You searched for: Publishing Institution The Fletcher School, Tufts University Remove constraint Publishing Institution: The Fletcher School, Tufts University Political Geography Pakistan Remove constraint Political Geography: Pakistan Publication Year within 10 Years Remove constraint Publication Year: within 10 Years Publication Year within 5 Years Remove constraint Publication Year: within 5 Years Topic Environment Remove constraint Topic: Environment
Number of results to display per page

Search Results

  • Author: Rand Quinn
  • Publication Date: 07-2017
  • Content Type: Journal Article
  • Journal: Fletcher Security Review
  • Institution: The Fletcher School, Tufts University
  • Abstract: Despite a profound global impact over the first half of the twentieth century, polio is largely an afterthought throughout the developed world. Vaccines engineered in the late 1950s paved the way for a precipitous drop in global disease burden with the onset of the World Health Organization-led (WHO) Global Polio Eradication Initiative (GPEI) starting in 1988. Recent indicators of the program’s success include a declaration of eradication in India[1] and a teeteringly low infection rate in Nigeria;[2] two of the disease’s last bastions. This progress, however, has been notably stifled by the steady persistence of a wild poliovirus reservoir centered in northern Pakistan along the Afghanistan-Pakistan (Af-Pak) border. Throughout significant portions of recorded history this region’s volatility has been well-documented, including a currently sustained network for the training of terrorist fighters dating back to the period of the 1979 Afghan-Soviet War.[3] These networks serve to both attract fledgling radical jihadist recruits and supply fighters globally, markedly providing many of the transnational fighters taking part in the Syrian Civil War. Their movement in and out of the Af-Pak region has provided a major disease vector for poliovirus. The location of a terrorist network transit hub in by far the world’s largest remaining reservoir of wild poliovirus poses a major challenge for policymakers. Due to several factors, including a decline in healthcare infrastructure throughout the western world, the situation presents a legitimate epidemiological threat. However, the issue is more importantly an exemplar of the morphing nature of multidimensional threats, which are likely to become more prevalent in an era of globalization, failed states, and an inability to effectively address social issues amidst the threat of kinetic warfare...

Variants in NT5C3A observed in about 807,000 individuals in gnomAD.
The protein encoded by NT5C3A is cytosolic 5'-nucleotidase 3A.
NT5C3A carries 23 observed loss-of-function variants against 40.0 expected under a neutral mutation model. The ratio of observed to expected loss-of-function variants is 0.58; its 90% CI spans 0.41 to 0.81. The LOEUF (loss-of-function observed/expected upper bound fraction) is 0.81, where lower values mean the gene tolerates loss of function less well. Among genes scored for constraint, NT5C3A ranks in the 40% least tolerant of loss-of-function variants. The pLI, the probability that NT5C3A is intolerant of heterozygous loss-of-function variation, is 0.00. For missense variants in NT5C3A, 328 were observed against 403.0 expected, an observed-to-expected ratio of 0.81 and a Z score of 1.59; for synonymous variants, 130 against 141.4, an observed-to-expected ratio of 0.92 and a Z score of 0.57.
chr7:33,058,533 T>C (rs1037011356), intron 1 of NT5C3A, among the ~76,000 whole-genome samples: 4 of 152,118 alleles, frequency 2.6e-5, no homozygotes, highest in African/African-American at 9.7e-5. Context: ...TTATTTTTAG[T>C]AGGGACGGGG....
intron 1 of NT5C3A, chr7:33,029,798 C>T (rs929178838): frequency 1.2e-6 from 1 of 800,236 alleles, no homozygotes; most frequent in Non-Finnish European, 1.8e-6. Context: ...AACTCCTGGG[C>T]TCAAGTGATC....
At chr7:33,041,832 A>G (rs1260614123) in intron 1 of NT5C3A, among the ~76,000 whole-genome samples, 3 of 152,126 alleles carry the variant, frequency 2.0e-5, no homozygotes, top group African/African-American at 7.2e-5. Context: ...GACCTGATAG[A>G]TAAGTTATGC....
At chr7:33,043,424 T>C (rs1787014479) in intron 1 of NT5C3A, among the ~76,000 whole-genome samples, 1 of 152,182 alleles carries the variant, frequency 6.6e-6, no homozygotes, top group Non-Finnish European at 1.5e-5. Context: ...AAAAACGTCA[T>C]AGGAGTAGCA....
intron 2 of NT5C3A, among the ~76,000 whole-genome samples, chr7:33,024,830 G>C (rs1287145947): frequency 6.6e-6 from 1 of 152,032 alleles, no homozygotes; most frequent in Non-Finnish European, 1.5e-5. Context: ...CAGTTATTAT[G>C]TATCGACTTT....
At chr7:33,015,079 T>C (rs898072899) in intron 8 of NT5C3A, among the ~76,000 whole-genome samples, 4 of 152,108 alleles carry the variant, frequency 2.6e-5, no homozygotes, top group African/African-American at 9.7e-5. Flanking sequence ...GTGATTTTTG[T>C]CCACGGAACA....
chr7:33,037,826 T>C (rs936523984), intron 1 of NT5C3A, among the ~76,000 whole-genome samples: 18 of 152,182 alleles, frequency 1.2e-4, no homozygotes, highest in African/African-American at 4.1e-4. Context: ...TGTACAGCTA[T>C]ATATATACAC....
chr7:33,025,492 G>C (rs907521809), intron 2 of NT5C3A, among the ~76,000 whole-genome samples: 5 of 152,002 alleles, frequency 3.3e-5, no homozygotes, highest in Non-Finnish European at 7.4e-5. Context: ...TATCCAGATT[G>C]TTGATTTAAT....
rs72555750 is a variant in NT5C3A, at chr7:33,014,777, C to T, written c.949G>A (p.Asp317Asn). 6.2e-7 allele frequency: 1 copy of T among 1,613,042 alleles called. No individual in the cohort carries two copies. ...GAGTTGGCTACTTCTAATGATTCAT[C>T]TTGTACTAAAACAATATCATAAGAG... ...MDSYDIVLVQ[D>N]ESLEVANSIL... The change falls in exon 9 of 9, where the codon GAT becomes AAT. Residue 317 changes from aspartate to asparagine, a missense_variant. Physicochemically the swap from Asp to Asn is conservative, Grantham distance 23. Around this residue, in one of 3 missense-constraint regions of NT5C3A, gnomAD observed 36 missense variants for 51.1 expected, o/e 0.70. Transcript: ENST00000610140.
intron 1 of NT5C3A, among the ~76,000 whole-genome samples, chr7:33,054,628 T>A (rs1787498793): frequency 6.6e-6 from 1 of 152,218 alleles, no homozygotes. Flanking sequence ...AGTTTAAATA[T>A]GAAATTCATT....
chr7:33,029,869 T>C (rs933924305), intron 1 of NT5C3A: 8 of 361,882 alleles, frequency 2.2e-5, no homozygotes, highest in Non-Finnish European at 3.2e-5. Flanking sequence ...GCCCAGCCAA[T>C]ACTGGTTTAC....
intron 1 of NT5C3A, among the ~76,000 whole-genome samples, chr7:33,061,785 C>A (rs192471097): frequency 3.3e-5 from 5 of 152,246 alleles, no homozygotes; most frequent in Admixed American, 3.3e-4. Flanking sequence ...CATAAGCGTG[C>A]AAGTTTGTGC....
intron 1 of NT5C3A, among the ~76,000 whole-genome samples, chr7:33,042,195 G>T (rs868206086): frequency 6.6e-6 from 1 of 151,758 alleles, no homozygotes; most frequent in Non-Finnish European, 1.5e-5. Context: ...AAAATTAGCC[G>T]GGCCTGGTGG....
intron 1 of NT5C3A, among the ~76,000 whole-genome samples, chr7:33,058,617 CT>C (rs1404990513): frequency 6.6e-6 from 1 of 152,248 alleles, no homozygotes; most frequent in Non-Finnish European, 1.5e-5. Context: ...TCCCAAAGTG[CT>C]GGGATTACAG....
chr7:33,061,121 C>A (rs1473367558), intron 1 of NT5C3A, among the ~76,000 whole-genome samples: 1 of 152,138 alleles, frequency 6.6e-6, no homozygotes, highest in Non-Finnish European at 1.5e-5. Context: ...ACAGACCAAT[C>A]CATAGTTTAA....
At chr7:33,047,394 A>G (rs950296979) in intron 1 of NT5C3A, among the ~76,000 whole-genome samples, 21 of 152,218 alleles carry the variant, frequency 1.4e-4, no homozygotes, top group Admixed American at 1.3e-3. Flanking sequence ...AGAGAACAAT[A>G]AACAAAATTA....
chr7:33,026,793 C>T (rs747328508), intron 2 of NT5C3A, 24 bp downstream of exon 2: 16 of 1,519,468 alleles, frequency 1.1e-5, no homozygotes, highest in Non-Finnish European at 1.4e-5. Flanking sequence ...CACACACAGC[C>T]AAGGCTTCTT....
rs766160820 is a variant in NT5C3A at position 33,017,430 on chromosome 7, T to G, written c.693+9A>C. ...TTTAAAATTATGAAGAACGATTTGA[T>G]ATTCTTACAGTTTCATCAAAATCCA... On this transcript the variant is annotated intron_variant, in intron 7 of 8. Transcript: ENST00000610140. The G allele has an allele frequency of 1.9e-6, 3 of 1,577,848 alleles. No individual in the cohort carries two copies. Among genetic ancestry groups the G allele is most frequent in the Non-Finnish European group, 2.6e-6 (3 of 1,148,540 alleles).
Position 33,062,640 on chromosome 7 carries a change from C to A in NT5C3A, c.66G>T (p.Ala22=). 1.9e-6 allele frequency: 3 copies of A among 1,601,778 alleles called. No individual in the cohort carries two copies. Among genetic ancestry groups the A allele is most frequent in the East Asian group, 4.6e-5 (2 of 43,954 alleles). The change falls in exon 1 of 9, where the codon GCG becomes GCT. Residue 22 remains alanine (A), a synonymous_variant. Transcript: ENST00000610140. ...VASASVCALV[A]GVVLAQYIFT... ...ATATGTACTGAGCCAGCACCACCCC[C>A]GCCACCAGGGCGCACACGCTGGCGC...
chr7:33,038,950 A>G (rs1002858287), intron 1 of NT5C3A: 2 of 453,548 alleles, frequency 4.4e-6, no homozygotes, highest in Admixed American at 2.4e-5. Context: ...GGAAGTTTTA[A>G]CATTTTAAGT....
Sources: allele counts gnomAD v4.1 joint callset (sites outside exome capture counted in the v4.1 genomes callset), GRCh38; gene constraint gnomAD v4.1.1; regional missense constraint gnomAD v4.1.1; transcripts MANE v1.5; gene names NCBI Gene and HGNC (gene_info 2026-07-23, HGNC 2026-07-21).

• Topic: Security, Environment, Health, Terrorism, World Health Organization, Infectious Diseases, Borders
  • Political Geography: Pakistan, Afghanistan, South Asia, Middle East, United States of America